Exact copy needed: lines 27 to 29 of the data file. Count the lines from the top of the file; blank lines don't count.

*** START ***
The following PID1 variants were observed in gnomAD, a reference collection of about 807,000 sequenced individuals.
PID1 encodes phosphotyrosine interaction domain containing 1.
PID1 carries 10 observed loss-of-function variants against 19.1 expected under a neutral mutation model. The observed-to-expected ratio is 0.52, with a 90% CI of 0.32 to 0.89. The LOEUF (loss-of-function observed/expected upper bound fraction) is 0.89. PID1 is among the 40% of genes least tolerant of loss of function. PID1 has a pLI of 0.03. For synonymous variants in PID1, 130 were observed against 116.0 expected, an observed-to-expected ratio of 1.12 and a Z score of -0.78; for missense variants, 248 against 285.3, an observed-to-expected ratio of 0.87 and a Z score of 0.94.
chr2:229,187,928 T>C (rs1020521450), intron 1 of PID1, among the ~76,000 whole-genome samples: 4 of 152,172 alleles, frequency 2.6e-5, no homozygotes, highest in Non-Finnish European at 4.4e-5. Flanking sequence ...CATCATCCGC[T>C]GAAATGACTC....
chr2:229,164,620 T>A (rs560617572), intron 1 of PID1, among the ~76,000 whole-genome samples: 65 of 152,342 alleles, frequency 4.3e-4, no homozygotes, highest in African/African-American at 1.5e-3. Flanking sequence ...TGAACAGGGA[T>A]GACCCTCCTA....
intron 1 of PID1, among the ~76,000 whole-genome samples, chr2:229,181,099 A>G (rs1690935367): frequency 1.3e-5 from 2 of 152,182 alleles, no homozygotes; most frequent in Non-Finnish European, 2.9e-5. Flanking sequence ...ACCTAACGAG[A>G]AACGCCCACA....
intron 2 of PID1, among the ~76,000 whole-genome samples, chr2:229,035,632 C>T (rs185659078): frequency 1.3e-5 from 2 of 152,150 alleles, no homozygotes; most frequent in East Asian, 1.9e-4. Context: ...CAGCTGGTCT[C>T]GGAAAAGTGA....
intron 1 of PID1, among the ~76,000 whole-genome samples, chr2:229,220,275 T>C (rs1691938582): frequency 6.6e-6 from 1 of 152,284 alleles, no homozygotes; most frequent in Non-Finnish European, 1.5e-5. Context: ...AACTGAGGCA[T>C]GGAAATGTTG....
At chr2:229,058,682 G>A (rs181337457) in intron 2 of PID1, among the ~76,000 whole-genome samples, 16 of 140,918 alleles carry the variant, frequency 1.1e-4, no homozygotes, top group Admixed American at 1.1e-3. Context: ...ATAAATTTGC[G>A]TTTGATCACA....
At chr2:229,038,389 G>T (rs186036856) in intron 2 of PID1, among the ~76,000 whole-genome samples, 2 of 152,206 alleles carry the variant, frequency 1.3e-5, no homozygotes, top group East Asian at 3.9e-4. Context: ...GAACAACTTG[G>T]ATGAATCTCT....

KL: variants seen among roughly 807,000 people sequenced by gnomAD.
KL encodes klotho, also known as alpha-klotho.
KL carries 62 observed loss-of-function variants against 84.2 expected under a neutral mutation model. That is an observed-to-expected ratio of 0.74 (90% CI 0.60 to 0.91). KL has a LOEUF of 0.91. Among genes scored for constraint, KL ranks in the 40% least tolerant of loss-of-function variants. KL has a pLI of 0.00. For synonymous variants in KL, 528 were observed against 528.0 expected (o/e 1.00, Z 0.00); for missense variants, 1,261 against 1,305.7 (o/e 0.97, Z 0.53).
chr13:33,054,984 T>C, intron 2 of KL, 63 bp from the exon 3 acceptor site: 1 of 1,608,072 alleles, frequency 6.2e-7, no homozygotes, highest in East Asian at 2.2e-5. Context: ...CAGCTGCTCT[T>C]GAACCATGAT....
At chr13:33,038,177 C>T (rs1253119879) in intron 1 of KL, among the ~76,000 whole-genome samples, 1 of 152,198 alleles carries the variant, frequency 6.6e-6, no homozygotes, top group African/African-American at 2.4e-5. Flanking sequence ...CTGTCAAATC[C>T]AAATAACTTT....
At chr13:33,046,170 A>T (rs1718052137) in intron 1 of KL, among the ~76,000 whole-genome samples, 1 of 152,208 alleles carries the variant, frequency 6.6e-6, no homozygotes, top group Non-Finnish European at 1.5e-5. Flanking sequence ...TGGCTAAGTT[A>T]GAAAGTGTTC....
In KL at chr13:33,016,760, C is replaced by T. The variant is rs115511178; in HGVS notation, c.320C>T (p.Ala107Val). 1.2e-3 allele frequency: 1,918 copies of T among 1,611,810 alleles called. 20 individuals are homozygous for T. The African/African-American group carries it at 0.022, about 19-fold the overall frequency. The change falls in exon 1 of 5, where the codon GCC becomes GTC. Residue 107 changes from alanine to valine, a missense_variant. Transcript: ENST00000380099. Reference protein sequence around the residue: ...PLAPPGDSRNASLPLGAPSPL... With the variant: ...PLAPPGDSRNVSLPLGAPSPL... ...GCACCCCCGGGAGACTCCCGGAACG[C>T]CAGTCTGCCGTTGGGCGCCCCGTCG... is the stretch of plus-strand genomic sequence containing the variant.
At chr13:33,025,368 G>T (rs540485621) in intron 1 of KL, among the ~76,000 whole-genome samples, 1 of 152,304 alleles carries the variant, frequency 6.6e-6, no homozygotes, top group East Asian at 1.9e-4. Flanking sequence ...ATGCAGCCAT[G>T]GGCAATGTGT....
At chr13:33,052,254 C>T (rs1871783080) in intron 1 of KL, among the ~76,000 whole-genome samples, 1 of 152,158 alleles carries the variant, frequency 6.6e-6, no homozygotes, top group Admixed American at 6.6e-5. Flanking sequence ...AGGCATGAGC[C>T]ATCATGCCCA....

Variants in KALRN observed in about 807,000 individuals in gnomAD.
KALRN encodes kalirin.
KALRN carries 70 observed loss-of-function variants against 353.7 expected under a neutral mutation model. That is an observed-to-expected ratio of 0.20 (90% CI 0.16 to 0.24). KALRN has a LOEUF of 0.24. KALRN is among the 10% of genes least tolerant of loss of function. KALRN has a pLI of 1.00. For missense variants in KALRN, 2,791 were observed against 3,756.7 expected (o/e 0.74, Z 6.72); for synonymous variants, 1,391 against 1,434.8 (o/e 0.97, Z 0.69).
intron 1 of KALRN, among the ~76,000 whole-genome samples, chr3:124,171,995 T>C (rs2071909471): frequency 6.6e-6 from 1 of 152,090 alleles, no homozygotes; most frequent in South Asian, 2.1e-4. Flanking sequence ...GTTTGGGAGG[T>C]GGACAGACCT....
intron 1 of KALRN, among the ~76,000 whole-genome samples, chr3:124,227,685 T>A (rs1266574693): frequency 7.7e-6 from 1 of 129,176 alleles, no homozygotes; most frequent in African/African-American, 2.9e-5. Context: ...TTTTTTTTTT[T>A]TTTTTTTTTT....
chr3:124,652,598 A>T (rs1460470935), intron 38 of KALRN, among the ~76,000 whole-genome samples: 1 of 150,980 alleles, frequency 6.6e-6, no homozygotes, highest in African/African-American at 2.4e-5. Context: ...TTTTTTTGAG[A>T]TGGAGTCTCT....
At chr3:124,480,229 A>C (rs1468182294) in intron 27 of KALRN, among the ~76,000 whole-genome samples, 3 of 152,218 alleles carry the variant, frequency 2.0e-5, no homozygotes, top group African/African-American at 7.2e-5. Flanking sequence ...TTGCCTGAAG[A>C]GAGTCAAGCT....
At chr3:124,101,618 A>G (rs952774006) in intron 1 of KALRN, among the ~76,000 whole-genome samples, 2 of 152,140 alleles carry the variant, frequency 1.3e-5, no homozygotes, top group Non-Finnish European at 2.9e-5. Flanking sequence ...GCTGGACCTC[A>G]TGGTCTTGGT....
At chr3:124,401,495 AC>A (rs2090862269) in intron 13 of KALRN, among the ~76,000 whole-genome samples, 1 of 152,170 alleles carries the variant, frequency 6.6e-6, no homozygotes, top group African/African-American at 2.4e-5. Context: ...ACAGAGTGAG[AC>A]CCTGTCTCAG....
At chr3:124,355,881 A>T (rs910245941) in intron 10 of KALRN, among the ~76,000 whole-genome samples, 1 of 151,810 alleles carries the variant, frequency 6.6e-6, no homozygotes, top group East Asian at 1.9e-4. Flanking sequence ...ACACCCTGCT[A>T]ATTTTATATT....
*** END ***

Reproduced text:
At chr3:124,101,618 A>G (rs952774006) in intron 1 of KALRN, among the ~76,000 whole-genome samples, 2 of 152,140 alleles carry the variant, frequency 1.3e-5, no homozygotes, top group Non-Finnish European at 2.9e-5. Flanking sequence ...GCTGGACCTC[A>G]TGGTCTTGGT....
At chr3:124,401,495 AC>A (rs2090862269) in intron 13 of KALRN, among the ~76,000 whole-genome samples, 1 of 152,170 alleles carries the variant, frequency 6.6e-6, no homozygotes, top group African/African-American at 2.4e-5. Context: ...ACAGAGTGAG[AC>A]CCTGTCTCAG....
At chr3:124,355,881 A>T (rs910245941) in intron 10 of KALRN, among the ~76,000 whole-genome samples, 1 of 151,810 alleles carries the variant, frequency 6.6e-6, no homozygotes, top group East Asian at 1.9e-4. Flanking sequence ...ACACCCTGCT[A>T]ATTTTATATT....